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Arbonne

Broadway in Tucson

Reflection

In retrospect, I’m glad we made Aliyah at the end of a calendar year. At the time, moving during the first of New Jersey’s many blizzards and dealing with holiday travel didn’t seem like such a good idea. But now, as I reflect on the year that we’ve been living in Israel, I find comfort in the awareness that I will never have to struggle to remember when we moved here. It was at the end of December, in the winter of the end of a decade.

And, as if leaving our friends and family to move to a new country wasn’t turbulent or memorable enough, there was plenty else to mark this year in my memory. I lost a cousin. I lost my grandmother. And through these and other extraordinarily difficult times for my family this year, I was here and they were there.

In the chapters that mark my life, 2011 will be one I remember without a bookmark, without a folded over corner.

My kind friends and loving husband might argue with this, but the marks of this year also show on my face, which seems to be finally showing signs of age. This year, as exciting as its been, has also been the year that I started feeling aches in my joints and noticing that my body is not as resilient as it used to be.

This was the year I closed my business and started a new job. It was the year I gave up my Blackberry and then found it again, at least the Israeli Nokia version. It was the year I moved to the house down the street of one of my oldest childhood friends and the year I found that sometimes, moving away from your closest friends, actually draws you nearer to them.

This was the year I stopped obsessively focusing on healing others; and truly starting looking inward in an effort to heal myself. It was the year I rediscovered the healing power of song and prayer; love and community.

This was the year I decided that a heaping helping of humble pie was good for me. That learning something new every day can be painful, but active listening sometimes works better than talking when you want to communicate who you are and what you want.

This was the year my husband really learned to appreciated me as a mother. And I him as a hard-working professional.

It was the year I let go.

This morning, after I dropped off my five-year-old at gan, I shook my head in amazement. He had woken up this morning with a bellyache and asked not to go to school. After hesitating only a minute, we decided it was okay if he stayed behind and rested in his room this morning. After all, it’s a long week, and Fridays are half-day, looser schedules for kids in preschool here.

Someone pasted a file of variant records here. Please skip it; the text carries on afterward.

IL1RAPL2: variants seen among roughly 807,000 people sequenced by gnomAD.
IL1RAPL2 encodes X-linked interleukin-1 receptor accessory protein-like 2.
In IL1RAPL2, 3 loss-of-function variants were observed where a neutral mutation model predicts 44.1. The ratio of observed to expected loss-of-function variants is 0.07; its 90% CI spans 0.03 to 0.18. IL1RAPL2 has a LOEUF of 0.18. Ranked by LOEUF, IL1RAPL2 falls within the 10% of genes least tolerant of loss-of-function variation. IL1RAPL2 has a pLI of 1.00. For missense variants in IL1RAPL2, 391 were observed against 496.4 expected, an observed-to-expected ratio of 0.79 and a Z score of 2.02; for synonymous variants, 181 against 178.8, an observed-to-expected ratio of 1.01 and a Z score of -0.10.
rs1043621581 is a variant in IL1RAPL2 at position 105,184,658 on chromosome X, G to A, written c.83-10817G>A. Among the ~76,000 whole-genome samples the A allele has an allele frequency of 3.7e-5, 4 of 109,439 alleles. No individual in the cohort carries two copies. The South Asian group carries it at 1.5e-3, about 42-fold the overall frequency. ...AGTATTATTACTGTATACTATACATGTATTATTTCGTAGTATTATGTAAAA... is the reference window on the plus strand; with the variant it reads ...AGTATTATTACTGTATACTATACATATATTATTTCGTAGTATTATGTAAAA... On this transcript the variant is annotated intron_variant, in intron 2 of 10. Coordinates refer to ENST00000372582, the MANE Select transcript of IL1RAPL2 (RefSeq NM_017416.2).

At around 9 am, he decided he felt better and asked if he could go to gan. I asked him, “Are you sure? You can stay home if you want. It’s fine.” He insisted he felt well and asked that I take him up.

When we got to the door of his classroom, he gave me a quick kiss, and with one last look back, left my side to play with his friends.

This was the same kid who one year ago, walked off the plane at Ben Gurion Airport, pale as a ghost, after vomiting for 12 hours straight. This was the kid who cried every morning for months when we dropped him off at gan; who wouldn’t let us leave; who begged us to stay home. This same kid was now opting for gan over a day off at home. This same kid, didn’t know a word of Hebrew when we arrived a year ago, but now speaks completely in Hebrew with his friends…and with confidence.

This morning, my five-year-old’s brother is off playing with his own friends; and his sister, I’m sure, is chatting away in Hebrew with hers at her own school. My husband is preparing food for our Shabbat meal tonight with friends, and I’m here, taking a break from cleaning the house.

This was the year we turned our life upside down.

And the year our life righted itself.

Jen Maidenberg is  a writer, editor, activist and former assistant editor at the Arizona Jewish Post. Visit her website at http://jenmaidenberg.com/.

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